I'm in the early stages of looking for a new house - pondering floor
plans, considering pros and cons of modular homes vs. "stick-built",
etc. My question to y'all, though, regards your opinions on a basement
vs. a garage workshop. I could probably claim about 10'x20' of garage
space (separated from car storage), or at least 20x24 of basement
space. I know getting large tools into a basement would be an issue,
so I'd look into wider stairs that lead directly outside - any other
solutions I haven't thought of for that? The garage would probably not
be heated or insulated, so I'd guess that wood stored there would move
more (basement dryness will be an important part of site selection
either way). I'd guess wiring would be easier in the basement as it'd
be closer to the circuit panel. What am I not thinking of?
I'm hoping for comments from people who use both garages and basements
- pros and cons? What do you wish you would have done differently?
Building a separate workshop (i.e. large shed) is also a possibility -
are there any reasons this would be better than a garage or basement?
Thanks in advance,
IMO, that is the biggest detriment to a garage sop. That is what I have and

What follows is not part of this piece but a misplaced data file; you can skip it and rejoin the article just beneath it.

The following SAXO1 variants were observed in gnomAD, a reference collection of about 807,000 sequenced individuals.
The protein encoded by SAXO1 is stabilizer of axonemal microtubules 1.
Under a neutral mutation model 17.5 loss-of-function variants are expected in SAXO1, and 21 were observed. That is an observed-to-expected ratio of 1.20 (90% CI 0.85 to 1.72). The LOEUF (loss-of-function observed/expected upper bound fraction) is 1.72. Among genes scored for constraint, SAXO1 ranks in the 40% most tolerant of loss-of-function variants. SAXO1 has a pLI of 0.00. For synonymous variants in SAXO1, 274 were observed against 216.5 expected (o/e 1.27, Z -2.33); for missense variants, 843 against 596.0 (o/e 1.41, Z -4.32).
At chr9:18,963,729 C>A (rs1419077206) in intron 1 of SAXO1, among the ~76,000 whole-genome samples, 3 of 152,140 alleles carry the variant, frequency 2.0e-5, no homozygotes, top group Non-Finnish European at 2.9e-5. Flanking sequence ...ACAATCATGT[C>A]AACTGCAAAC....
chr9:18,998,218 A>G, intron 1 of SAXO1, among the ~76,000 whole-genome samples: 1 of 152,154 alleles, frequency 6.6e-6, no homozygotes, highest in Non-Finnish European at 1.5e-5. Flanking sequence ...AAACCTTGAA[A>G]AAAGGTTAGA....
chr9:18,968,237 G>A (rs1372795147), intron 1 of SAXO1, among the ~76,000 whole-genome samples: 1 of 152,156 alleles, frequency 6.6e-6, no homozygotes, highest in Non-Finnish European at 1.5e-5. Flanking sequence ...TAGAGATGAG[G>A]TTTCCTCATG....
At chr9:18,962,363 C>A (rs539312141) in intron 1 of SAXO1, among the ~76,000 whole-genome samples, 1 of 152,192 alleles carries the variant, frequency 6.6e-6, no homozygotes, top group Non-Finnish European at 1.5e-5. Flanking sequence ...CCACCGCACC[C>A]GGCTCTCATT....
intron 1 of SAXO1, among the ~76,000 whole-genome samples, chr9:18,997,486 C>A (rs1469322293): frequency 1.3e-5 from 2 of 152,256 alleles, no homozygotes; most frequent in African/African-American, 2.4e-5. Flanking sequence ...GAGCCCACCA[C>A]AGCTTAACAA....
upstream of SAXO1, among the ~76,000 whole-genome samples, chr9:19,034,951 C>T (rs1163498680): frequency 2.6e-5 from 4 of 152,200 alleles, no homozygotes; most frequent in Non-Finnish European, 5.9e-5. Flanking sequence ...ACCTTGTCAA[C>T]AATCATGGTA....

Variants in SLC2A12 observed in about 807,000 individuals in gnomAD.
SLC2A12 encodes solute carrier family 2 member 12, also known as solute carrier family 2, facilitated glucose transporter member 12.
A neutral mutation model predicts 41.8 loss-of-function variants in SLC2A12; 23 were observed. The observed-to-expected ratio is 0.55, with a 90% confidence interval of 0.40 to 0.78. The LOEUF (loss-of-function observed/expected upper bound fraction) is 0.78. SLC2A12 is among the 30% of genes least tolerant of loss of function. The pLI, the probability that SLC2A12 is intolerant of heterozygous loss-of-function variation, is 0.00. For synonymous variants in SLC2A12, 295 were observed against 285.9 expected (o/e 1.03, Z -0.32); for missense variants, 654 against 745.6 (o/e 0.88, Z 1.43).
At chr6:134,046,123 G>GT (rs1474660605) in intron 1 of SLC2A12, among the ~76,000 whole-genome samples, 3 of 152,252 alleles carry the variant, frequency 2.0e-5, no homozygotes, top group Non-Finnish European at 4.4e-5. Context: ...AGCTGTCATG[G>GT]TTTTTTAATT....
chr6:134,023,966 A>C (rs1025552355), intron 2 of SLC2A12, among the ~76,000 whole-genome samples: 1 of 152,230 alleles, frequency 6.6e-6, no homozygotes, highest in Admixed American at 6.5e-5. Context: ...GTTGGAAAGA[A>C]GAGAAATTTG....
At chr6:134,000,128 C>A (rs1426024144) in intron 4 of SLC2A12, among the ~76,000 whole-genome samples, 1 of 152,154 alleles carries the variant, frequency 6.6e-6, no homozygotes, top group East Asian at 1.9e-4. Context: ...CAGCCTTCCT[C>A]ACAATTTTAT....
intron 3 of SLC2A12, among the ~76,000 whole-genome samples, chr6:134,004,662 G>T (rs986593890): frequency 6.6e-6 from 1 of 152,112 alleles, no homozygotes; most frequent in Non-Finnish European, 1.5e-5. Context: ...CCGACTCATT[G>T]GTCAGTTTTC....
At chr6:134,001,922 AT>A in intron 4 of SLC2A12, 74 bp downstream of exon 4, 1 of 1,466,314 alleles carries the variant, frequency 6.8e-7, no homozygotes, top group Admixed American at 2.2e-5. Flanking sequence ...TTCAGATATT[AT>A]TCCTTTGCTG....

in the winter, I work in it a lot less. On a really cold January night, it
is not simple to go out there just to tinker for an hour because it takes so
long to get up to a comfortable temperature. Then you shut the heat off
after an hour and it is all lost. Three seasons it is nice to be in the
garage, door open sun shining. In August, it is too hot and at night there
are the bugs flying in to land on your new finish. Just something to think
about and think about what times you like to work in your shop.
If I had a good basement for a shop, that is where it would be.
The first thing I did when we got the house was insulate the entire
garage and drywall over it. My shop is a separate room off the main
garage, but over the past 6 years, I've slowly expanded it into the
garage proper and it's nice and toasty warm all year long. I also
replaced all the windows with insulated glass and they can be opened
during the summer and closed in the winter.
IMO, there's no difference between an unfinished basement and an
unfinished garage, you'll have significant work to do on both before
they're ready for a shop.
It not only takes time to heat up the garage, but even longer to heat up the
tools. It doesn't bother some people, but my fingers ache like crazy if I
have to hold onto cold tools for more than a couple of minutes.
I used to have a garage, but as my shop took form, it did so in the
- Owen -
A fine dry basement is some of the cheapest space you can get. Build a
driveout, but keep a lot underground. Put in a woodstove with a flu in the
chimney for the upstairs woodstove and you'll easily keep it up to working
You are close to the kitchen, so can be called for meals.
You are next to the breaker panel and can hook up whatever you like.
You have the compressor, water heater, and freezer in a good environment and
it's comfortable if you hav eto work on them.
If some of the basement walls end up above grade, use windows for natural
I have about 2200 SF of basement with poured walls (much nicer than block)
and it's not too much!